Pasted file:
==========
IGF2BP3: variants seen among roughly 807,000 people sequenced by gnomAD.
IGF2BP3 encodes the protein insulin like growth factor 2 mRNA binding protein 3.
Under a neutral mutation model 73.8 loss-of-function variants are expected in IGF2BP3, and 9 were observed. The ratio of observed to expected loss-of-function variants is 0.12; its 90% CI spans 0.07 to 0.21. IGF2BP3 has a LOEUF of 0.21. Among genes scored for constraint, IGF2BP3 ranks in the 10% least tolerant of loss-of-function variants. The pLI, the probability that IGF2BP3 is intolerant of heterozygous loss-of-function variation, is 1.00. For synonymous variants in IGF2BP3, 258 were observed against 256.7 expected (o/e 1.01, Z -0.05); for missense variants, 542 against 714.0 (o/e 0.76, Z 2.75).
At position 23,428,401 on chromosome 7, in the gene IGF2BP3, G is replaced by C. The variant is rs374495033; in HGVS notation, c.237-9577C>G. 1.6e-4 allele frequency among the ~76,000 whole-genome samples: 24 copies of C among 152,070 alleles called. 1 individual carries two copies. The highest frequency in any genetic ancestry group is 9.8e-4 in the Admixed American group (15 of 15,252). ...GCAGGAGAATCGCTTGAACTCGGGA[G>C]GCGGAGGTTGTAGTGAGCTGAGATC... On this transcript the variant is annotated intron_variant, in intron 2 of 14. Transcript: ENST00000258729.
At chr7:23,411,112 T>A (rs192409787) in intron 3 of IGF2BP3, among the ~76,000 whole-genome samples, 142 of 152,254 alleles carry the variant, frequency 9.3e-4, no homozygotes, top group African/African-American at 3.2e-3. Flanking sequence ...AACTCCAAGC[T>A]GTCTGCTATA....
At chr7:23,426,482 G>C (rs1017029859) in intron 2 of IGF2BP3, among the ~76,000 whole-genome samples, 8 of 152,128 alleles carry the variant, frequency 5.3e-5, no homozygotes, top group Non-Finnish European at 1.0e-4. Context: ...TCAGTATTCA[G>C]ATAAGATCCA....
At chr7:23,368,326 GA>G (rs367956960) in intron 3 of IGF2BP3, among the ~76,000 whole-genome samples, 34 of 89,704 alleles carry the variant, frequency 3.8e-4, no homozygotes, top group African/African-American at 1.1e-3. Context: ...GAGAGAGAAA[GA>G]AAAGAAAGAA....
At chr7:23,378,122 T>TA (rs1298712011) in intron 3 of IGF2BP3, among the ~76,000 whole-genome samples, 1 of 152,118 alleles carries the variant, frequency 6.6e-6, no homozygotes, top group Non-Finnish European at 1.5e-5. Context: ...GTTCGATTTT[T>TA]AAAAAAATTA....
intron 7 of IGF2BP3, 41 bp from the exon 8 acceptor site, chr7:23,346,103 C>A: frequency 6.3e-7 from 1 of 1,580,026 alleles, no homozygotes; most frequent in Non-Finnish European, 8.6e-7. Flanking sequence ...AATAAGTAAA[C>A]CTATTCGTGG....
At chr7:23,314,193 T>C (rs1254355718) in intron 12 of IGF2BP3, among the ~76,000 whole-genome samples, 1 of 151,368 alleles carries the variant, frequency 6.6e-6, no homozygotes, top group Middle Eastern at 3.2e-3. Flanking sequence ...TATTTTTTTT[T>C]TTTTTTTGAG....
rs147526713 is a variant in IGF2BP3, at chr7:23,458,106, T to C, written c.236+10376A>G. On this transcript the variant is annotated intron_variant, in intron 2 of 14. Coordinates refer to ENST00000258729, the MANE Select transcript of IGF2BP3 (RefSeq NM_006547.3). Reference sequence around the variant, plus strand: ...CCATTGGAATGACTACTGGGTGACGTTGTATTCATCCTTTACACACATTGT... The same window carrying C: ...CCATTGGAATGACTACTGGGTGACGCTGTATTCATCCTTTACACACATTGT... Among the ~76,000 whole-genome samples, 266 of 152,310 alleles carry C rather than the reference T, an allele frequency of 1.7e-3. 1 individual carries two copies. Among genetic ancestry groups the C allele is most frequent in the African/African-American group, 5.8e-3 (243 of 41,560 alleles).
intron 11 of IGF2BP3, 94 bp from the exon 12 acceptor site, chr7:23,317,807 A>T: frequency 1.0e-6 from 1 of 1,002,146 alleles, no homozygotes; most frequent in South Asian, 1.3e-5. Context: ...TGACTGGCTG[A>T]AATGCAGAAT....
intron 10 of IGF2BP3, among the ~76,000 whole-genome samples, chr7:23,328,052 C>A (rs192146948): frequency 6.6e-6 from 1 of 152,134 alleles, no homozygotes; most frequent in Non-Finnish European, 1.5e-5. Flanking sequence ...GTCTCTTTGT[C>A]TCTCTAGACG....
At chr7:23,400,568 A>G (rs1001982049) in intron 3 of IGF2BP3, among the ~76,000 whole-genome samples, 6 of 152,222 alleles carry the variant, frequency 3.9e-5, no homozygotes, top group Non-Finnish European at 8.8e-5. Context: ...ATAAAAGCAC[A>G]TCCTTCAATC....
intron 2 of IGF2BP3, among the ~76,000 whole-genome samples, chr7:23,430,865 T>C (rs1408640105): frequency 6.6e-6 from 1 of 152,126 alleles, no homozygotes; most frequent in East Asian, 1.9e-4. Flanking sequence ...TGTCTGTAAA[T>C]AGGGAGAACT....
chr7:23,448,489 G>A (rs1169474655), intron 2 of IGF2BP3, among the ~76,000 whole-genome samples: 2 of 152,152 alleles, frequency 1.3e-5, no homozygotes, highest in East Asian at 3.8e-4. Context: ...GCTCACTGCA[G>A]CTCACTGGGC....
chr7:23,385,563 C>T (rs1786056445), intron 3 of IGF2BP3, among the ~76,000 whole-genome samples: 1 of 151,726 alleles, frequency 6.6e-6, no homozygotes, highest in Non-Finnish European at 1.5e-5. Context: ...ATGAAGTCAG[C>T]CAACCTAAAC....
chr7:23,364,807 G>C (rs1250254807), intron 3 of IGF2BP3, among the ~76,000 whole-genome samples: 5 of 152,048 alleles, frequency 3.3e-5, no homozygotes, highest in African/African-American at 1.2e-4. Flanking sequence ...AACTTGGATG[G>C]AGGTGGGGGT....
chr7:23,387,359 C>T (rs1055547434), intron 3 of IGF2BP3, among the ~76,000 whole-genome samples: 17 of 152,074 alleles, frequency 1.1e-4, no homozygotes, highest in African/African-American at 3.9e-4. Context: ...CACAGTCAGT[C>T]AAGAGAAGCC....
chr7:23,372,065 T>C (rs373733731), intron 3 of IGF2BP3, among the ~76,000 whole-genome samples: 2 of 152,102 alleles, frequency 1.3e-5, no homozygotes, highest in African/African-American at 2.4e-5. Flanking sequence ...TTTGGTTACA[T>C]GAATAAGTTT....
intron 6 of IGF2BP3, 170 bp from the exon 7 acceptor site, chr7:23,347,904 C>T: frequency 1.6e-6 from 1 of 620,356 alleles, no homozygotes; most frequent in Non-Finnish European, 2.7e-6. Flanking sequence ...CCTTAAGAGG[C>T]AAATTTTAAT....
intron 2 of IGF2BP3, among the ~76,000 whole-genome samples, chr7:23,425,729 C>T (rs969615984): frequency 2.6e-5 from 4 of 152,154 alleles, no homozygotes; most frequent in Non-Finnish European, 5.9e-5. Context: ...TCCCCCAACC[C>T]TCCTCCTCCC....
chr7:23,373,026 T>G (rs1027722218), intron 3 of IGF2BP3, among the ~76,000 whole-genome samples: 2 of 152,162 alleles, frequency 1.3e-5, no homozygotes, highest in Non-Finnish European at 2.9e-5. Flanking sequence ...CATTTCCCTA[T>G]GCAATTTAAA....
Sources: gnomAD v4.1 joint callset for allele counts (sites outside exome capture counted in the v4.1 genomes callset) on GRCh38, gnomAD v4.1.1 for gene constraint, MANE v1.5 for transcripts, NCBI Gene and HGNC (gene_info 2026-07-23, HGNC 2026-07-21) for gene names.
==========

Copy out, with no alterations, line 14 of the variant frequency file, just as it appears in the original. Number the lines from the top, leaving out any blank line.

At chr7:23,400,568 A>G (rs1001982049) in intron 3 of IGF2BP3, among the ~76,000 whole-genome samples, 6 of 152,222 alleles carry the variant, frequency 3.9e-5, no homozygotes, top group Non-Finnish European at 8.8e-5. Context: ...ATAAAAGCAC[A>G]TCCTTCAATC....